Are You Worried About the H1N1, or Swine Flu, Virus?

| 5/8/2009 12:30:45 PM

Tags: Swine flu, H1N1, CDC, Centers for Disease Control and Prevention, question to readers,

For the last several days, the media and blogosphere have been discussing almost nonstop the recent H1N1 flu virus outbreak (or "swine flu," as it's previously been called). If you're following the news, you've probably heard the numbers: As of May 8, 2009, the Centers for Disease Control and Prevention (CDC) has confirmed H1N1 in 43 states, for a total of 1,639 U.S. cases, including two deaths. Worldwide (including U.S. numbers), the World Health Organization has confirmed 2,500 cases in 25 countries, including 44 deaths in Mexico.

According to CDC's acting director, Richard E. Bresser, MD, in the New York Times, "About 5 percent of the people with confirmed cases have been hospitalized [including 35 of the 1,639 U.S. cases]. That is a much higher proportion than normal for seasonal flu, and the median age is 15, which is unusually young. But because some states are now testing only seriously ill patients for the novel virus, such skewing of the data is to be expected."

The responses to the outbreak so far have been varied. Early on, Egypt ordered the slaughter of its 300,000 to 350,000 pigs — though no cases of the virus had been reported in the country at that time. In New York and other states, schools issued temporary closings after students were confirmed to have caught the virus. In other cases, travelers have cancelled vacations, either after hearing of cases at their destination, or to avoid possible exposure from other travelers en route. As a general precaution, the CDC has posted a quick list of tips for staying well:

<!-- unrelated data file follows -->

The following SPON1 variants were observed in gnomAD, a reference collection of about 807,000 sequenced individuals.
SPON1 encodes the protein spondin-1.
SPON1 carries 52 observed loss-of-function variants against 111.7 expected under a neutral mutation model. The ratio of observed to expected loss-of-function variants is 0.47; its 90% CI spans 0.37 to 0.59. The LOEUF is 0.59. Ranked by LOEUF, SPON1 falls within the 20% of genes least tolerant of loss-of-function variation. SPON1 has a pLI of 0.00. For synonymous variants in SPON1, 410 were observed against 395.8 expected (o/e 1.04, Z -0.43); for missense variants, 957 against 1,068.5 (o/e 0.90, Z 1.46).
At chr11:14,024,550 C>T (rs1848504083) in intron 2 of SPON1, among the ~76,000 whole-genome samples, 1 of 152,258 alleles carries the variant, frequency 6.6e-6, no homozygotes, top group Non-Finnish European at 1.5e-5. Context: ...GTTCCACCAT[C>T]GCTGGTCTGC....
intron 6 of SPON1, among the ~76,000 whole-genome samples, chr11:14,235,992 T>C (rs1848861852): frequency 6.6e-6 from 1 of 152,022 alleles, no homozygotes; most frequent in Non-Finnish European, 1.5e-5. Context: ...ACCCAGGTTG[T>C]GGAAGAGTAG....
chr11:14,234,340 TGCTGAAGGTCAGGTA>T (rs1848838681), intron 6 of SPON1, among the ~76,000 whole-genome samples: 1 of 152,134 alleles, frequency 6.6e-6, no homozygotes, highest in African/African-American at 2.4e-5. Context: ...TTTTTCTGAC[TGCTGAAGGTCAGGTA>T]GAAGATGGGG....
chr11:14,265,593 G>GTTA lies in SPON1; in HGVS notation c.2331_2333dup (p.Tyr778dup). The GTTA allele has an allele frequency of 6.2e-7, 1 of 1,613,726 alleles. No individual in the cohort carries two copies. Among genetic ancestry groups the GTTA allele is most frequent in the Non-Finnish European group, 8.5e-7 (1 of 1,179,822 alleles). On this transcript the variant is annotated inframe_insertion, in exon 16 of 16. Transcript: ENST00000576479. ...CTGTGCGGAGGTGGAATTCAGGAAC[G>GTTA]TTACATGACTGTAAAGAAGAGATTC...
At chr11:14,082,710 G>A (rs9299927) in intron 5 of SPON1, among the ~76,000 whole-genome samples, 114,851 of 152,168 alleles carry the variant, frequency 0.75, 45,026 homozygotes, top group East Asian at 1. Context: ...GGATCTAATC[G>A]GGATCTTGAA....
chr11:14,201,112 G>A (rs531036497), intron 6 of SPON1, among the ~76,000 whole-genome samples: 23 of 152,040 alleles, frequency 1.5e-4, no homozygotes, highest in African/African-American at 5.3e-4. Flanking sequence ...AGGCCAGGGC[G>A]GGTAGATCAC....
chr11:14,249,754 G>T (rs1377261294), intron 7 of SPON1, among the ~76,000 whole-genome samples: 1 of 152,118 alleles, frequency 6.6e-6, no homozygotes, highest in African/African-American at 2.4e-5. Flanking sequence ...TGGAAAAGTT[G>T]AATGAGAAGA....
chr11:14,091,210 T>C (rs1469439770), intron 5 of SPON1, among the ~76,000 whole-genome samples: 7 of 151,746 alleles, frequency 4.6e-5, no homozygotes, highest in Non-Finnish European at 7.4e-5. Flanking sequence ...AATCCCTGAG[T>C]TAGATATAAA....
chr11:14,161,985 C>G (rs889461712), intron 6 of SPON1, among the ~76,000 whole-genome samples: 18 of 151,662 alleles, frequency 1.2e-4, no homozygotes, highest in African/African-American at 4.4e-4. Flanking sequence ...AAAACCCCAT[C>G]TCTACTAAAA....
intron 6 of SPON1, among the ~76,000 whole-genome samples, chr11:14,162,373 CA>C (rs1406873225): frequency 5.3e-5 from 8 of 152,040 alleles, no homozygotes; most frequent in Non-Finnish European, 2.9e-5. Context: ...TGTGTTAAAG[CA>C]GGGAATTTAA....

"What You Can Do to Stay Healthy

1. Stay informed. The [CDC] website will be updated regularly as information becomes available.

2. Influenza is thought to spread mainly person-to-person through coughing or sneezing of infected people.

3. Take everyday actions to stay healthy. 

ce escalante
5/12/2009 4:43:09 PM

i'm not really too worried because i'm a believer in natural healing and the powers of herbs and essential oils and my family has a pretty good stock of pure essential oils that are antiviral, antifungal, antimicrobial, and antiseptic. we're trying to be careful about washing our hands and things like that, but we also have to trust the Lord that He provides what we'll need to stay safe.

george works
5/11/2009 8:02:19 AM

My wife and I live on a tiny Caribbean island with limited health care facilities. Most people here are poor and will go to work even when they feel sick because they need the money. They are also quite religious and will go to church, sick or well. We expect that H1N1 will eventually come here, and if predictions are correct we each have about a 30% chance of getting it. However, the death rate seems to be no worse than normal seasonal flu so we are not worried. We have a good supply of quality masks that we will wear after the flu arrives when we must go out. We garden and raise goats, cows and chickens so we already wash our hands frequently. We stock some antibiotics that might help against complications like bacterial pneumonia, but alas no Tamiflu. Possibly our island government will see fit to get some.